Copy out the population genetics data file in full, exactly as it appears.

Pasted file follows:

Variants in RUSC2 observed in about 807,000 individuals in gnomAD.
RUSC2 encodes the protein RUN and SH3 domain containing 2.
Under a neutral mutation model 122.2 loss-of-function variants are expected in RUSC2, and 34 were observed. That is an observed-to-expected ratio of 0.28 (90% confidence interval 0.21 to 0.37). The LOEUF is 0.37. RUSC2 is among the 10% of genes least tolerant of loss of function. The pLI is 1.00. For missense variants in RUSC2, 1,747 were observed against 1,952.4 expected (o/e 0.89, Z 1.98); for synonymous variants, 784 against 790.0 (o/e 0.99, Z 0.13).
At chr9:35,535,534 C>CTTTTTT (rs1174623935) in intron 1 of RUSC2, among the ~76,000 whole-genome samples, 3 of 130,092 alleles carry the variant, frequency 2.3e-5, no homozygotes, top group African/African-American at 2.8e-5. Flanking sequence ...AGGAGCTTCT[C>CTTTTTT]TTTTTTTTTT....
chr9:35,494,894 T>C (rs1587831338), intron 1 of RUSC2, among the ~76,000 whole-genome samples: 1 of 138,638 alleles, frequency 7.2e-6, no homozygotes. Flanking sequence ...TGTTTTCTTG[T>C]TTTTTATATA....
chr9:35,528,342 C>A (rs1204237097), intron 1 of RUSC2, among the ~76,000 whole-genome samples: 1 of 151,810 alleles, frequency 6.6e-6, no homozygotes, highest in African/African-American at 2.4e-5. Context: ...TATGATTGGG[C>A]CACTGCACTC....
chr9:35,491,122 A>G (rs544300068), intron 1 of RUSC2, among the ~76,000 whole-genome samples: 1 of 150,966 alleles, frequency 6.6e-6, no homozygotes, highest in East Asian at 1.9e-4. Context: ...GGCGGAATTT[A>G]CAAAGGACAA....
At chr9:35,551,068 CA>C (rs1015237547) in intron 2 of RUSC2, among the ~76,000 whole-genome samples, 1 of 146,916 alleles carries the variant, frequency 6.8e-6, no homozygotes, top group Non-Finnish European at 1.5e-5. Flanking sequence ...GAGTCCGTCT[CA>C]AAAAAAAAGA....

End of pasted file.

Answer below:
Variants in RUSC2 observed in about 807,000 individuals in gnomAD.
RUSC2 encodes the protein RUN and SH3 domain containing 2.
Under a neutral mutation model 122.2 loss-of-function variants are expected in RUSC2, and 34 were observed. That is an observed-to-expected ratio of 0.28 (90% confidence interval 0.21 to 0.37). The LOEUF is 0.37. RUSC2 is among the 10% of genes least tolerant of loss of function. The pLI is 1.00. For missense variants in RUSC2, 1,747 were observed against 1,952.4 expected (o/e 0.89, Z 1.98); for synonymous variants, 784 against 790.0 (o/e 0.99, Z 0.13).
At chr9:35,535,534 C>CTTTTTT (rs1174623935) in intron 1 of RUSC2, among the ~76,000 whole-genome samples, 3 of 130,092 alleles carry the variant, frequency 2.3e-5, no homozygotes, top group African/African-American at 2.8e-5. Flanking sequence ...AGGAGCTTCT[C>CTTTTTT]TTTTTTTTTT....
chr9:35,494,894 T>C (rs1587831338), intron 1 of RUSC2, among the ~76,000 whole-genome samples: 1 of 138,638 alleles, frequency 7.2e-6, no homozygotes. Flanking sequence ...TGTTTTCTTG[T>C]TTTTTATATA....
chr9:35,528,342 C>A (rs1204237097), intron 1 of RUSC2, among the ~76,000 whole-genome samples: 1 of 151,810 alleles, frequency 6.6e-6, no homozygotes, highest in African/African-American at 2.4e-5. Context: ...TATGATTGGG[C>A]CACTGCACTC....
chr9:35,491,122 A>G (rs544300068), intron 1 of RUSC2, among the ~76,000 whole-genome samples: 1 of 150,966 alleles, frequency 6.6e-6, no homozygotes, highest in East Asian at 1.9e-4. Context: ...GGCGGAATTT[A>G]CAAAGGACAA....
At chr9:35,551,068 CA>C (rs1015237547) in intron 2 of RUSC2, among the ~76,000 whole-genome samples, 1 of 146,916 alleles carries the variant, frequency 6.8e-6, no homozygotes, top group Non-Finnish European at 1.5e-5. Flanking sequence ...GAGTCCGTCT[CA>C]AAAAAAAAGA....